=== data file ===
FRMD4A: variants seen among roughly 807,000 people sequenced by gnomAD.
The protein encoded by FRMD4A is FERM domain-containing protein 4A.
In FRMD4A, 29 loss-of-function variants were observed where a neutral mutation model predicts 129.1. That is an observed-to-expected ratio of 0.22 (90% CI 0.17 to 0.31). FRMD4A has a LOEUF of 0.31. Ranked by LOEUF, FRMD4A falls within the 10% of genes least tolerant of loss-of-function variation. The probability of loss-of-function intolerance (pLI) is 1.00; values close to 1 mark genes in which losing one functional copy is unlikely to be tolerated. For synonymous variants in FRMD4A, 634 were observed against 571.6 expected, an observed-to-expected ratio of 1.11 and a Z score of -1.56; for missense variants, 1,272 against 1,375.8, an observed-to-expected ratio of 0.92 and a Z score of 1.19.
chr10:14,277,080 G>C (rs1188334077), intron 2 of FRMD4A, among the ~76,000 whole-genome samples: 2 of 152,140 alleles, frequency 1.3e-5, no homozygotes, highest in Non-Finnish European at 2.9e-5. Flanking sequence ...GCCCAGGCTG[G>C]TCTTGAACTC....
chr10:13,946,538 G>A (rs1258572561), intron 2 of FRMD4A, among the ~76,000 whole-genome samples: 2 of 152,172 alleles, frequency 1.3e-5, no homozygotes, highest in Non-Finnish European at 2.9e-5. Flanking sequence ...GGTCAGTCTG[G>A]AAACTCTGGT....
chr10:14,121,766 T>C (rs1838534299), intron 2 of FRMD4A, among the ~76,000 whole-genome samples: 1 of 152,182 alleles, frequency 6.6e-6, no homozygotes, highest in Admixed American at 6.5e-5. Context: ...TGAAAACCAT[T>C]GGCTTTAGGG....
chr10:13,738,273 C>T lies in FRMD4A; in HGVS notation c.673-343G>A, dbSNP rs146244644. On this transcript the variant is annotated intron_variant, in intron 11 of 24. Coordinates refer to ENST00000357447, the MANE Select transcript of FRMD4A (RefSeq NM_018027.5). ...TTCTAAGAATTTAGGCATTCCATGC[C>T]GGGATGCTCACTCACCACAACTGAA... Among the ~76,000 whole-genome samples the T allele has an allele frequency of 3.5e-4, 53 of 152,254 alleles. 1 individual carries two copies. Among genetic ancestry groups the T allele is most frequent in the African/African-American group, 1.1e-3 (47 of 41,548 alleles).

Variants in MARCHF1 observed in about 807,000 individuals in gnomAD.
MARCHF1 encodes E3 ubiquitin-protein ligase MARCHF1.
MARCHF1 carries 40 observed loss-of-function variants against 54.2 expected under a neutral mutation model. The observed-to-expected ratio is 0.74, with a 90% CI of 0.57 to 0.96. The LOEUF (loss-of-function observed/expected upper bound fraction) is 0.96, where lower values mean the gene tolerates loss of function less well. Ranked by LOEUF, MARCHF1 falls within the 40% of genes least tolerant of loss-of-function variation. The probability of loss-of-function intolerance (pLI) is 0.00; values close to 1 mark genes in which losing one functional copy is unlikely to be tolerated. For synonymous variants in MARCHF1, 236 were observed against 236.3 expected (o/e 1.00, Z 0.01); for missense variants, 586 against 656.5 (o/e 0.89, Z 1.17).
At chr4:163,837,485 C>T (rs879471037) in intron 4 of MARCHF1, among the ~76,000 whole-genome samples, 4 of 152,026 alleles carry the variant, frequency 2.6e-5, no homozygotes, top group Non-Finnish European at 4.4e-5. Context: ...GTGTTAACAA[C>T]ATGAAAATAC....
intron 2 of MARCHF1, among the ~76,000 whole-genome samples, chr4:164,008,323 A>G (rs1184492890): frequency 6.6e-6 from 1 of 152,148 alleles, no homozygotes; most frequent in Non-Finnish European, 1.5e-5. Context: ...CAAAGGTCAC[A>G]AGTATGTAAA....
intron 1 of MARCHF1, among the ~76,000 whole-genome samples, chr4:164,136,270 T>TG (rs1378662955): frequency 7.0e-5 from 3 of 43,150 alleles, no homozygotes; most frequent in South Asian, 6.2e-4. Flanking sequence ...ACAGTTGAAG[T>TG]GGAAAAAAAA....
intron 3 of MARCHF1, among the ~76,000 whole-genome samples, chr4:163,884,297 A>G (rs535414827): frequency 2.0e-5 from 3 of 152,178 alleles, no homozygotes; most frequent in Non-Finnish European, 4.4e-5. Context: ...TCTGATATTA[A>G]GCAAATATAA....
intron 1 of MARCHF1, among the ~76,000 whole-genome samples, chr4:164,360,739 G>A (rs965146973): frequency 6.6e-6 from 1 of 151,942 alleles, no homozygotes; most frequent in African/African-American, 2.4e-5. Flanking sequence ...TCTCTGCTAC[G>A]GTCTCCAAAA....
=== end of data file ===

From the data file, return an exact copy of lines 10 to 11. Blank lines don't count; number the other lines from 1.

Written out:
MARCHF1 carries 40 observed loss-of-function variants against 54.2 expected under a neutral mutation model. The observed-to-expected ratio is 0.74, with a 90% CI of 0.57 to 0.96. The LOEUF (loss-of-function observed/expected upper bound fraction) is 0.96, where lower values mean the gene tolerates loss of function less well. Ranked by LOEUF, MARCHF1 falls within the 40% of genes least tolerant of loss-of-function variation. The probability of loss-of-function intolerance (pLI) is 0.00; values close to 1 mark genes in which losing one functional copy is unlikely to be tolerated. For synonymous variants in MARCHF1, 236 were observed against 236.3 expected (o/e 1.00, Z 0.01); for missense variants, 586 against 656.5 (o/e 0.89, Z 1.17).
At chr4:163,837,485 C>T (rs879471037) in intron 4 of MARCHF1, among the ~76,000 whole-genome samples, 4 of 152,026 alleles carry the variant, frequency 2.6e-5, no homozygotes, top group Non-Finnish European at 4.4e-5. Context: ...GTGTTAACAA[C>T]ATGAAAATAC....